this looks also perfect as usual with your builds. this will be a challenge for the 1:75 builders to scratchbuild such a long boat. I will use your pictures in combination with my pictures and notes made in Stockholm last year
What a lovely model! I like the skewed bottom planks, nice touch. The longboat (esping in Swedish) was being towed alongside the ship, on the port side, when the ship sank. When the ship heeled over it pushed the longboat down, and then dragged it to the bottom. The longboat had another boat, a small clinker boat, inside it, probably lashed to the thwarts upside down. Five of the thwarts and the windlass were removable, so that the boat could take larger loads, such as cannon or anchors. which is why there are no knees on them.
I got the drawings from Fred. Like for a lot of things, if you would like them he could probably supply you with them if you sent him an email.
And I have read that the windlass is why they know this is Vasa's boat for sure, since the windlass was not found in the boat but onboard. And when they tried fitting it in the windlass bearings, it fit.
One question regarding the outlook of the boats. Maybe Fred can anwer it: The longboat appeares pretty artless. I think the longboat was much older than the brandnew Vasa. Are there any ideas, if the boat was painted or did they improved the boats to assimilate the boats to the outlook of Vasa? Maybe the gunwale was painted red?
I am not sure of evidence of paint on the longboat. Surely a question for Fred.
And Peter, I installed a sternpost but no rudder. And on my model at least, I think the lower edge of the sternpost more or less forms a skeg, if you are talking about a skeg meaning an aft extension of a keel. I don't think there is an actual keel on Vasa's longboat.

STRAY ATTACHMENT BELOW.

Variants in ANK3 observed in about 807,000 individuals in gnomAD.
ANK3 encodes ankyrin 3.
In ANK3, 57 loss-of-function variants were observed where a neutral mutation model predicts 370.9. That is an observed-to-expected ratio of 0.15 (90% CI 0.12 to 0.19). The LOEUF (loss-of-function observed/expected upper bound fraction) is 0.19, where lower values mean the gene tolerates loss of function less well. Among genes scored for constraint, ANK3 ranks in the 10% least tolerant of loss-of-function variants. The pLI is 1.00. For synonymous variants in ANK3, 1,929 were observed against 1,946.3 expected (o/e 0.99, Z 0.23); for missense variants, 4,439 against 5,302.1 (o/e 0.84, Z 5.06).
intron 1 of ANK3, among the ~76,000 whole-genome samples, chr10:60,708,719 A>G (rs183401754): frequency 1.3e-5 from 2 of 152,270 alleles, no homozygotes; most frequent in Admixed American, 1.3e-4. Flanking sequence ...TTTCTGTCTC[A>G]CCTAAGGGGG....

Post by Peter Jenssen on Jun 29, 2016 23:31:50 GMT
As I understand it, the skeg is about 3m long and tapers off to nothing forward. There may also be a corresponding one meter piece at the stem, tapering off aft.
There was one discussion in May 2010 when you were building yours (titled "Longboat") and another one in July 2009 (titled "Vasa 'storbåten'")
Perhaps I can save Fred some typing by copying over the info to this forum?
Quote: " We have the skeg, which is a piece of oak 3.09 meters long, 150 mm deep and 100 mm wide at the after end. It tapers slightly in width from the upper surface to the bottom edge, and tapers away in depth to a feather edge at the forward end. It was nailed to the bottom, with an iron strap let into and wrapped around it about 190 mm from the after end, with the ends of the strap continuing up the sides of the sternpost. We have not located the piece that fairs the lower end of the stem into the bottom yet, but the nails I can see suggest is was much shorter, maybe only a meter of so long, and probably tapered to a feather edge as well. The after piece is not mounted on the boat, as it would greatly complicate the support structure, and does not yet appear on any drawings, since it was identified after we had completed documentation of the boat. We are planning a new support frame, which will allow us to mount the skeg, and I hope one day to find the forward piece in the stores, but it may not have been recovered.
Fred Hocker "
Back in 2009, I was working on lofting the Esping in AutoCAD with the view to laser cut the parts, then I lost access to AutoCAD when I swapped computer. My laser cutter and my digital ship plans have not been touched since. The last thing I did with this gear is the Vasa rudder... There's a well progressed Chapman frigate drawing, 'Camilla' as well.. -in files that I can not use. Anyone have recommendations for software that can read AutoCAD files without costing an arm and a leg..?